Saturday, January 12, 2008

Yeast Starters

The more I read up on home brewing, the more I get fascinated with the science and biology of the process. One aspect that I find interesting is the yeast. These little animals are extremely important to the overall brewing process and are probably the most mysterious part of the process too.

When first starting out, a lot of kits use dry yeast. After the brew, the directions usually say to sprinkle the yeast on top of the wort. This works fine, though it often takes time for the yeast to rehydrate, start reproducing, then start fermenting. Some people believe that dried yeast just doesn’t add to the complexity in taste that live yeast does. One thing is true though, there are many more varieties of liquid yeast then there are dry yeast.

Using liquid yeast usually helps in the quickening of the process from cooled wort to fermentation. That is a crucial time in home brewing, a time when things can go wrong. The quicker the yeast start doing their jobs, the less chance of contamination to occur.

For most average gravity brewing styles, a single White Labs tube or Wyeast smack pack of yeast is enough for a 5 gallon batch. When creating a high gravity or lager beer, it is best to help the wort out by pitching additional yeast. This can be done by purchasing multiple tubes or you can create a yeast starter that can turn one tube into the amount you need. Since my next brew is going to be a double IPA with a starting gravity of about 1.070+, I decided to create a yeast starter.

I purchased a 1000ml yeast starter kit from It was pretty cheap, only $12. The kit included a 1000ml Erlenmeyer flask, 1/2 pound of dried malt extract (DME 10), and 1oz of yeast nutrients. The process is pretty simple.

I first mixed in 1 cup of DME 10 and a pinch of nutrient with about 800ml of Brita filtered water. I placed the Erlenmeyer flask on the stove and brought it up to a boil for 15 minutes. I boiled in the beaker cause it seemed like a cool idea and it brought me back to my high school days. Though, it has it’s issues. Since the flask gets extremely narrow up at the top, the littlest boil over would go shooting up and over. This would happen so quick that it was hard to catch. It only happened one major time, I would recommend using a small sauce pan and then funneling in the cooled wort into the flask after. And on another note, you don’t need a flask at all. An old sanitized mayo jar would work too, though they are glass and if you pour pour hot wort or cooling hot wort in it, the glass may crack. It is best to always use cooled wort if using regular glass. Since I boiled in the Erlenmeyer flask, i just took the flask and put it in an ice bath in the sink. 5 minutes later, it was pitching temperature.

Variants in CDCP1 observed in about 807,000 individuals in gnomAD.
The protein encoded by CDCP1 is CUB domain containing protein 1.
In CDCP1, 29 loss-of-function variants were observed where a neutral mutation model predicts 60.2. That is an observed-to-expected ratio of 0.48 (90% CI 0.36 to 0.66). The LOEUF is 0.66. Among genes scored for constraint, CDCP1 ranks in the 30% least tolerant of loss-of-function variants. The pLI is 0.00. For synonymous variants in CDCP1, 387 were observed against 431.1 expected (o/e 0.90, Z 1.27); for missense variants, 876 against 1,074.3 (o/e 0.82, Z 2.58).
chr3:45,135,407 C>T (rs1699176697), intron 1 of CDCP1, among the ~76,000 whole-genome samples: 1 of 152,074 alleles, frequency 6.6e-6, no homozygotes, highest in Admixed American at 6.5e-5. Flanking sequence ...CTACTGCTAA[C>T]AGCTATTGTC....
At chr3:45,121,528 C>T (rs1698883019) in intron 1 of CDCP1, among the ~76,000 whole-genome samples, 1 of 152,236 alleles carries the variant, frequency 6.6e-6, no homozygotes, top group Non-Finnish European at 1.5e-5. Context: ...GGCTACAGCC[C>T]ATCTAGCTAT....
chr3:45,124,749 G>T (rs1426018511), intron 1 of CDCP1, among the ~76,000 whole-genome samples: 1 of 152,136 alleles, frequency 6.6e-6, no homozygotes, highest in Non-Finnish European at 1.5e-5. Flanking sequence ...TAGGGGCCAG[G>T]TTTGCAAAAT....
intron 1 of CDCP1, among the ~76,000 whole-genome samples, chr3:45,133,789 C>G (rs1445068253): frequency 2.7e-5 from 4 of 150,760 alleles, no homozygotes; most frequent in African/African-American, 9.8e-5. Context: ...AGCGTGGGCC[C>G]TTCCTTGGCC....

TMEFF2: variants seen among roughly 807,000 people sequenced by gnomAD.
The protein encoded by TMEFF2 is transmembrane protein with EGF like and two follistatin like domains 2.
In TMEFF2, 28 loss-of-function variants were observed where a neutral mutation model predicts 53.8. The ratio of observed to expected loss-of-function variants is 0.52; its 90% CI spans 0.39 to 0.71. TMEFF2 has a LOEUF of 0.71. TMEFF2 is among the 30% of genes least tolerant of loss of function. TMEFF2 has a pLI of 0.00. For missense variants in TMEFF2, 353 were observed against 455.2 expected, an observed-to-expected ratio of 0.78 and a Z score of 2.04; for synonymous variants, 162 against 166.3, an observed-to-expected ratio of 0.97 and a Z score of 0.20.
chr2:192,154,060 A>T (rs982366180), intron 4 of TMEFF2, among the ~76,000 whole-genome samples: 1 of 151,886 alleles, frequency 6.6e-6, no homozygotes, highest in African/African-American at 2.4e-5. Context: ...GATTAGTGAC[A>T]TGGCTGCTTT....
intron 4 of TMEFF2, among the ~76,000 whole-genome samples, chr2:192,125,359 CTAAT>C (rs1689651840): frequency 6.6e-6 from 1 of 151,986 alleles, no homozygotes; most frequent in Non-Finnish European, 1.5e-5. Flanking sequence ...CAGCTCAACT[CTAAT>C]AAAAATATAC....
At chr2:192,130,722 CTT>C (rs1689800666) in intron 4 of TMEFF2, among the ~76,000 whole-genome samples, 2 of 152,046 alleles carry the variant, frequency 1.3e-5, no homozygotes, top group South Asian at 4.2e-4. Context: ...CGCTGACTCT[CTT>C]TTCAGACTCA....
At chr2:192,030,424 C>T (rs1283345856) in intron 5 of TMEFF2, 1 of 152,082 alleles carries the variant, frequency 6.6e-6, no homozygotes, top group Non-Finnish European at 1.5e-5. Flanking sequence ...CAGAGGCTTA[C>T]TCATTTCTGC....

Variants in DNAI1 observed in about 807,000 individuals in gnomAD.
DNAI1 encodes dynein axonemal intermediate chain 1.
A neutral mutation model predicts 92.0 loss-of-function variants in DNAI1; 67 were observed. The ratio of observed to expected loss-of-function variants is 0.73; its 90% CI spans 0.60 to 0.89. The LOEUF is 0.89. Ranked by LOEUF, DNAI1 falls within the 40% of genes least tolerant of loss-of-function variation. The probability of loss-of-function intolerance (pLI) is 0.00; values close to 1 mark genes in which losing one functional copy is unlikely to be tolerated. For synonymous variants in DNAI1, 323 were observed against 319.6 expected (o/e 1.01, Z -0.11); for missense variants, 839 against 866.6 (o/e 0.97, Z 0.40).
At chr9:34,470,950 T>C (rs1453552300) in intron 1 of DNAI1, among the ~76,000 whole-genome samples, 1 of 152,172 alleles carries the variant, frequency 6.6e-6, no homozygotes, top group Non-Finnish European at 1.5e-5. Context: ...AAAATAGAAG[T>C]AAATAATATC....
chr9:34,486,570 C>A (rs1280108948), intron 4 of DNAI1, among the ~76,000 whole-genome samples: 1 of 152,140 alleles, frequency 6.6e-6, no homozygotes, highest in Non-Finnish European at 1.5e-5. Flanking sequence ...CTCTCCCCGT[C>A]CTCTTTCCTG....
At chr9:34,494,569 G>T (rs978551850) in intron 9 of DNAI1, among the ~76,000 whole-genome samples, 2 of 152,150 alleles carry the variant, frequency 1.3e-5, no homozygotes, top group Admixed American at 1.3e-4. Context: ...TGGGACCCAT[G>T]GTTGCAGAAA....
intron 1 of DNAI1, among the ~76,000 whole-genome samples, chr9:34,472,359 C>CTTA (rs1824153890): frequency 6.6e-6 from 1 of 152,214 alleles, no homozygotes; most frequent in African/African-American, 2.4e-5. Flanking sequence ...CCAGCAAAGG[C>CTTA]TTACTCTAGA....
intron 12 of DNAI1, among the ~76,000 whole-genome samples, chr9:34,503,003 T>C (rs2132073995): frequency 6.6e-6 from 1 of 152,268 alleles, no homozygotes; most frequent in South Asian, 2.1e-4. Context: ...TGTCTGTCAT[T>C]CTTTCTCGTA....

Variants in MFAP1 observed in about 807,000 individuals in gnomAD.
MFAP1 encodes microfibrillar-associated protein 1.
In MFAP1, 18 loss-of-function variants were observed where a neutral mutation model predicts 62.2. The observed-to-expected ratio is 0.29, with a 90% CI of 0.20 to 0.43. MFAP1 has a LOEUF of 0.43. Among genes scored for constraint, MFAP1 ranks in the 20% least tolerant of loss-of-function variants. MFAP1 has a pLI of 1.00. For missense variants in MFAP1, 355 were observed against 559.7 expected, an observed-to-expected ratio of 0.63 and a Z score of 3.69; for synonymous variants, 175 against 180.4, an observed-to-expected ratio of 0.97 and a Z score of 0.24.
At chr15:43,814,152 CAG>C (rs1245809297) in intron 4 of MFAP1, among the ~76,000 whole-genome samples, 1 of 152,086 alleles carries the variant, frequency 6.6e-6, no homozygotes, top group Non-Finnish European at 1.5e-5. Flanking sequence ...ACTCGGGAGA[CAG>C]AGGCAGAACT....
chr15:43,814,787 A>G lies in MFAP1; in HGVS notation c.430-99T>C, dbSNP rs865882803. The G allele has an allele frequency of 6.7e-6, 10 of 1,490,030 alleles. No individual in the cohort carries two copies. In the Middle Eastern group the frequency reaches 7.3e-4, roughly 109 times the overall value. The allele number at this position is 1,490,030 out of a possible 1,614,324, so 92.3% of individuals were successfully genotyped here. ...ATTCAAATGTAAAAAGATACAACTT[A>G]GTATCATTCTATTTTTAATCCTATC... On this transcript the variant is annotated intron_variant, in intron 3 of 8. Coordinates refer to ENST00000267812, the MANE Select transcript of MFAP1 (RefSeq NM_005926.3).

With my order from, I also bought a Oxygen system to get the most out of my wort. The system came with a regulator, some tubing, and a stainless steal air stone. The oxygen had to be purchased separately, so I had to run out to the local Lowes Hardware Store and purchase a disposable can of BernzoMatic Oxygen for about $8. After sanitizing everything, I stuck the air stone in the wort and turned the knob to the gas. Billions of the tiniest bubbles came out and created a Guinness style draft head on the wort. Adding Oxygen will greatly help the yeast grow and reproduce. Since I don’t own a stir plate yet, I would just swish it around every so often to help keep in oxygenated.

I plan on brewing my Blind Pig Double IPA clone tomorrow and I now have a healthy amount of yeast to pitch. By looking at the flask, I think I have about 3-4 times the amount I started with. I plan on sticking the flask in the refrigerator tonight to have the rest of the active yeast fall to the bottom of the flask. Then I will siphon or pour off some of the spent wort. This way I don’t contribute to off flavors by adding different wort to my IPA wort. Most people just throw it all in, but I don’t want to get any off flavors by using a different style wort. I could have always made 1000ml version of the double IPA and pitched it directly in, but that will be later on in my home brewing career. This was my first starter and I think it turned out great.